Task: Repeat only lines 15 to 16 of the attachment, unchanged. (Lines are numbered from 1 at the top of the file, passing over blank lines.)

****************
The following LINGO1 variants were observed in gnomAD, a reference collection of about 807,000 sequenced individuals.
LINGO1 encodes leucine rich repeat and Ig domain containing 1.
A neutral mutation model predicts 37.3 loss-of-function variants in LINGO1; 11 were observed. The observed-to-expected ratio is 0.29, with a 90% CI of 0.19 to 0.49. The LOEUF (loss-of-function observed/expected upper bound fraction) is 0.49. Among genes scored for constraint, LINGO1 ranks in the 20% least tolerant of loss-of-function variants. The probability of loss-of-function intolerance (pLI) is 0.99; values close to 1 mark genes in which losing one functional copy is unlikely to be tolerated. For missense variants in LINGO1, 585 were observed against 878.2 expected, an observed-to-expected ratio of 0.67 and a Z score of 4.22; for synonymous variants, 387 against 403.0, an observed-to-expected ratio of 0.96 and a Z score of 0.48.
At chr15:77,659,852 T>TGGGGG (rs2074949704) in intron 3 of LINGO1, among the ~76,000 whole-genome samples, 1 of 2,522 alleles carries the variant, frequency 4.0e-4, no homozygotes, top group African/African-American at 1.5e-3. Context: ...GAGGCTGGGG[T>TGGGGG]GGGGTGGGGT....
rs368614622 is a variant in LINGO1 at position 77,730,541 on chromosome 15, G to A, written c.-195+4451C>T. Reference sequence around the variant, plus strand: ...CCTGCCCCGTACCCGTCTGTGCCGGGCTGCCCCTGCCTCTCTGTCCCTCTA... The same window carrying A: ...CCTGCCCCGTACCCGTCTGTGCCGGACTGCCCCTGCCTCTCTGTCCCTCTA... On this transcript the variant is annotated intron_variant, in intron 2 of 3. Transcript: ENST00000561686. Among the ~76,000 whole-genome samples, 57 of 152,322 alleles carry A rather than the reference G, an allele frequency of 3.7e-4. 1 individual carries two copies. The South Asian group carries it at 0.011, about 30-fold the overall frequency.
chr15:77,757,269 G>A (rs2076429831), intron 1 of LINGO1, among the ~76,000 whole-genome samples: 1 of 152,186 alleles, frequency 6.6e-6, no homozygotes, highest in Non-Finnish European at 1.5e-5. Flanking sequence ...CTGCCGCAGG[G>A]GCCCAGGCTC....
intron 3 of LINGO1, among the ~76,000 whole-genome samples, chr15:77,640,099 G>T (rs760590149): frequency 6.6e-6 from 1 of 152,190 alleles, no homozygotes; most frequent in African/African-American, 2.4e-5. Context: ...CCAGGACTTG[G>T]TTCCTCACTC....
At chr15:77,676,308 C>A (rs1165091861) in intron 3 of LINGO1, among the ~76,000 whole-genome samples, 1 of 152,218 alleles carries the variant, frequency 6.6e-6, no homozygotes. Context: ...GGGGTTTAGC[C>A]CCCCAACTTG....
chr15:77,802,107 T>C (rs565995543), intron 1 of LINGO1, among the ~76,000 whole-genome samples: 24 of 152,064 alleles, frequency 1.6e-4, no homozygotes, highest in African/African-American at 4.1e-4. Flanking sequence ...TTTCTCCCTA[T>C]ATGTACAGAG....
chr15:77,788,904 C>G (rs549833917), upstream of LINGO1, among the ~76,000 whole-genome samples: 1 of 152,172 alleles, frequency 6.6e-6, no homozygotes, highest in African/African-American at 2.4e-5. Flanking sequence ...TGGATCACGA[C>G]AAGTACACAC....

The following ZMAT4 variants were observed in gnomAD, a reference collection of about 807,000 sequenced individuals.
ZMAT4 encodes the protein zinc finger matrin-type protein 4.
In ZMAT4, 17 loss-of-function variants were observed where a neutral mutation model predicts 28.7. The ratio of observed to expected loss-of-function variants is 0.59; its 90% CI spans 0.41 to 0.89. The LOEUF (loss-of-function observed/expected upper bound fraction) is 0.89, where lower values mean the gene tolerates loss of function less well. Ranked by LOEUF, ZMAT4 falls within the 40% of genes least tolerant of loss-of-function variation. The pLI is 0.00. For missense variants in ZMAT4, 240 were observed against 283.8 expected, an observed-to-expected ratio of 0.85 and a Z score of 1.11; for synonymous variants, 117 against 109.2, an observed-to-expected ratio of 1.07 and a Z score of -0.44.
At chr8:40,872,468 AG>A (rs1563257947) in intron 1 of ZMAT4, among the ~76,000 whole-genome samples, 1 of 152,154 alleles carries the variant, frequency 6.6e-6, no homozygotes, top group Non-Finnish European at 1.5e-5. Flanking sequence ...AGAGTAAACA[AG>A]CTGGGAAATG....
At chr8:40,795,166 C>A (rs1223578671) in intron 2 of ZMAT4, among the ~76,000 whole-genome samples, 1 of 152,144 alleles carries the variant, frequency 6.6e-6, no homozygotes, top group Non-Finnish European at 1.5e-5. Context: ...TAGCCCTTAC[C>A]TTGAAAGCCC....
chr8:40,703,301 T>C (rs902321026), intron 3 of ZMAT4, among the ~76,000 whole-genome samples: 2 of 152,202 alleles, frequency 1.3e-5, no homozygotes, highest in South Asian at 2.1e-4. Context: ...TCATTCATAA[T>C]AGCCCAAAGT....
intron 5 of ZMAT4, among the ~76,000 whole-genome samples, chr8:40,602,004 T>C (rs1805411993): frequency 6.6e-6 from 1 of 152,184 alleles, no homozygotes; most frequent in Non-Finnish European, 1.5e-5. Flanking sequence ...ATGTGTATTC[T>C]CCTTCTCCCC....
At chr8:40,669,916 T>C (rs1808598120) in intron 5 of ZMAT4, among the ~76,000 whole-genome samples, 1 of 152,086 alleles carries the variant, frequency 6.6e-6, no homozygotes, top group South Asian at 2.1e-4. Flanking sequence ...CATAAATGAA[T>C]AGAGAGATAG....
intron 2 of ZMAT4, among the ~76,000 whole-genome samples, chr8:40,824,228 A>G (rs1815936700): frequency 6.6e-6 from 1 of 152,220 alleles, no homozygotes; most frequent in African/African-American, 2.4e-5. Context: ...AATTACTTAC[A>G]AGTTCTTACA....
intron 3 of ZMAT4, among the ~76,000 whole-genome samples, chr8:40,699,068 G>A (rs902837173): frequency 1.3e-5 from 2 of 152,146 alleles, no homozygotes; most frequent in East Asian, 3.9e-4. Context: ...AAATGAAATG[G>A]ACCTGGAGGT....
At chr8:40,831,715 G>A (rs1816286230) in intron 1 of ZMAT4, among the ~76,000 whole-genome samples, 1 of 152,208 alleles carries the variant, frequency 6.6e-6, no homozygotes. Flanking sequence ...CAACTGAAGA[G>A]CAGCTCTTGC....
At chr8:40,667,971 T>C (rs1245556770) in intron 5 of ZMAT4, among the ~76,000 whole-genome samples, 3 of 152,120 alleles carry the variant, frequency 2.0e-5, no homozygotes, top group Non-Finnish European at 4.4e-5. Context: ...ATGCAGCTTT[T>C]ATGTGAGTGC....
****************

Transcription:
At chr8:40,795,166 C>A (rs1223578671) in intron 2 of ZMAT4, among the ~76,000 whole-genome samples, 1 of 152,144 alleles carries the variant, frequency 6.6e-6, no homozygotes, top group Non-Finnish European at 1.5e-5. Context: ...TAGCCCTTAC[C>A]TTGAAAGCCC....
chr8:40,703,301 T>C (rs902321026), intron 3 of ZMAT4, among the ~76,000 whole-genome samples: 2 of 152,202 alleles, frequency 1.3e-5, no homozygotes, highest in South Asian at 2.1e-4. Context: ...TCATTCATAA[T>C]AGCCCAAAGT....